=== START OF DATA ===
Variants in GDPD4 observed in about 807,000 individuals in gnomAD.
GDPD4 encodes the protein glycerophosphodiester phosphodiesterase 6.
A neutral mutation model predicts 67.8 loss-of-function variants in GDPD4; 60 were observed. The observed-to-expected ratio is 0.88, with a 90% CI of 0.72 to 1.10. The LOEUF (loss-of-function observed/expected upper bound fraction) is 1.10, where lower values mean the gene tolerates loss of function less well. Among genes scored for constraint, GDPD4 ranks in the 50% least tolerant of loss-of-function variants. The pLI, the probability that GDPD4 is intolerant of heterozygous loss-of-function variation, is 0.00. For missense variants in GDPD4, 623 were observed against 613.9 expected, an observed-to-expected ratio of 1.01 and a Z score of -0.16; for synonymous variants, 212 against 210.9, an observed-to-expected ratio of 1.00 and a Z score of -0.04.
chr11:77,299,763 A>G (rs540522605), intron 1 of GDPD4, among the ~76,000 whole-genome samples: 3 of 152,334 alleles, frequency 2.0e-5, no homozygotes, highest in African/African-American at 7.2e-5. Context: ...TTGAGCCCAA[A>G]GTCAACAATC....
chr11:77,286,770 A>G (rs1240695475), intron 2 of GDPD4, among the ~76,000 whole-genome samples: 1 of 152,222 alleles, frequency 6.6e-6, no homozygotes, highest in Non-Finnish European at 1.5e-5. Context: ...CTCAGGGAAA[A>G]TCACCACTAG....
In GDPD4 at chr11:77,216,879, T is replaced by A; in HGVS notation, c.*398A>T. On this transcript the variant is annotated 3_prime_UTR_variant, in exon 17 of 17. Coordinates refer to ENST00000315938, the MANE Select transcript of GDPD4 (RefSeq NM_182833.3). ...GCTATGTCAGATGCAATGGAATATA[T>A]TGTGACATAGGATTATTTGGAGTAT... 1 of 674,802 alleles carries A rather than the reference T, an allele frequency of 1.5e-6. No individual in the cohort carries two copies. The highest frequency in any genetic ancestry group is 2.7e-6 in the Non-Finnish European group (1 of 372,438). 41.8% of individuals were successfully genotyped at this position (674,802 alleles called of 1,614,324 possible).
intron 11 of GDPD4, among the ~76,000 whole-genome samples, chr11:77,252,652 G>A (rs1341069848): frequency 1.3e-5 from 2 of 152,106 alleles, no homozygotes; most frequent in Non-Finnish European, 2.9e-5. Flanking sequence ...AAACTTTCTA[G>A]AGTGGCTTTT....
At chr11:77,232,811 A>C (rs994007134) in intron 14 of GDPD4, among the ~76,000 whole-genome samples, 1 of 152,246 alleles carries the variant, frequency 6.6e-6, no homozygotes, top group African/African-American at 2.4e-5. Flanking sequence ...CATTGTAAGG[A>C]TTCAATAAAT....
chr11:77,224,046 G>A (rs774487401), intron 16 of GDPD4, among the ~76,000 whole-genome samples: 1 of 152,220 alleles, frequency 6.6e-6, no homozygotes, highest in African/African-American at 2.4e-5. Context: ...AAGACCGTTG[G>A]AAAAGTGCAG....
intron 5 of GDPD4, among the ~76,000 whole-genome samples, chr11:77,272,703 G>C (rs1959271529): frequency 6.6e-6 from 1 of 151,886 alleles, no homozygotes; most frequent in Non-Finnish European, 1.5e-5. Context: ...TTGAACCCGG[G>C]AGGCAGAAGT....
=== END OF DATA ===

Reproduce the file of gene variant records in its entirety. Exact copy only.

Variants in GDPD4 observed in about 807,000 individuals in gnomAD.
GDPD4 encodes the protein glycerophosphodiester phosphodiesterase 6.
A neutral mutation model predicts 67.8 loss-of-function variants in GDPD4; 60 were observed. The observed-to-expected ratio is 0.88, with a 90% CI of 0.72 to 1.10. The LOEUF (loss-of-function observed/expected upper bound fraction) is 1.10, where lower values mean the gene tolerates loss of function less well. Among genes scored for constraint, GDPD4 ranks in the 50% least tolerant of loss-of-function variants. The pLI, the probability that GDPD4 is intolerant of heterozygous loss-of-function variation, is 0.00. For missense variants in GDPD4, 623 were observed against 613.9 expected, an observed-to-expected ratio of 1.01 and a Z score of -0.16; for synonymous variants, 212 against 210.9, an observed-to-expected ratio of 1.00 and a Z score of -0.04.
chr11:77,299,763 A>G (rs540522605), intron 1 of GDPD4, among the ~76,000 whole-genome samples: 3 of 152,334 alleles, frequency 2.0e-5, no homozygotes, highest in African/African-American at 7.2e-5. Context: ...TTGAGCCCAA[A>G]GTCAACAATC....
chr11:77,286,770 A>G (rs1240695475), intron 2 of GDPD4, among the ~76,000 whole-genome samples: 1 of 152,222 alleles, frequency 6.6e-6, no homozygotes, highest in Non-Finnish European at 1.5e-5. Context: ...CTCAGGGAAA[A>G]TCACCACTAG....
In GDPD4 at chr11:77,216,879, T is replaced by A; in HGVS notation, c.*398A>T. On this transcript the variant is annotated 3_prime_UTR_variant, in exon 17 of 17. Coordinates refer to ENST00000315938, the MANE Select transcript of GDPD4 (RefSeq NM_182833.3). ...GCTATGTCAGATGCAATGGAATATA[T>A]TGTGACATAGGATTATTTGGAGTAT... 1 of 674,802 alleles carries A rather than the reference T, an allele frequency of 1.5e-6. No individual in the cohort carries two copies. The highest frequency in any genetic ancestry group is 2.7e-6 in the Non-Finnish European group (1 of 372,438). 41.8% of individuals were successfully genotyped at this position (674,802 alleles called of 1,614,324 possible).
intron 11 of GDPD4, among the ~76,000 whole-genome samples, chr11:77,252,652 G>A (rs1341069848): frequency 1.3e-5 from 2 of 152,106 alleles, no homozygotes; most frequent in Non-Finnish European, 2.9e-5. Flanking sequence ...AAACTTTCTA[G>A]AGTGGCTTTT....
At chr11:77,232,811 A>C (rs994007134) in intron 14 of GDPD4, among the ~76,000 whole-genome samples, 1 of 152,246 alleles carries the variant, frequency 6.6e-6, no homozygotes, top group African/African-American at 2.4e-5. Flanking sequence ...CATTGTAAGG[A>C]TTCAATAAAT....
chr11:77,224,046 G>A (rs774487401), intron 16 of GDPD4, among the ~76,000 whole-genome samples: 1 of 152,220 alleles, frequency 6.6e-6, no homozygotes, highest in African/African-American at 2.4e-5. Context: ...AAGACCGTTG[G>A]AAAAGTGCAG....
intron 5 of GDPD4, among the ~76,000 whole-genome samples, chr11:77,272,703 G>C (rs1959271529): frequency 6.6e-6 from 1 of 151,886 alleles, no homozygotes; most frequent in Non-Finnish European, 1.5e-5. Context: ...TTGAACCCGG[G>C]AGGCAGAAGT....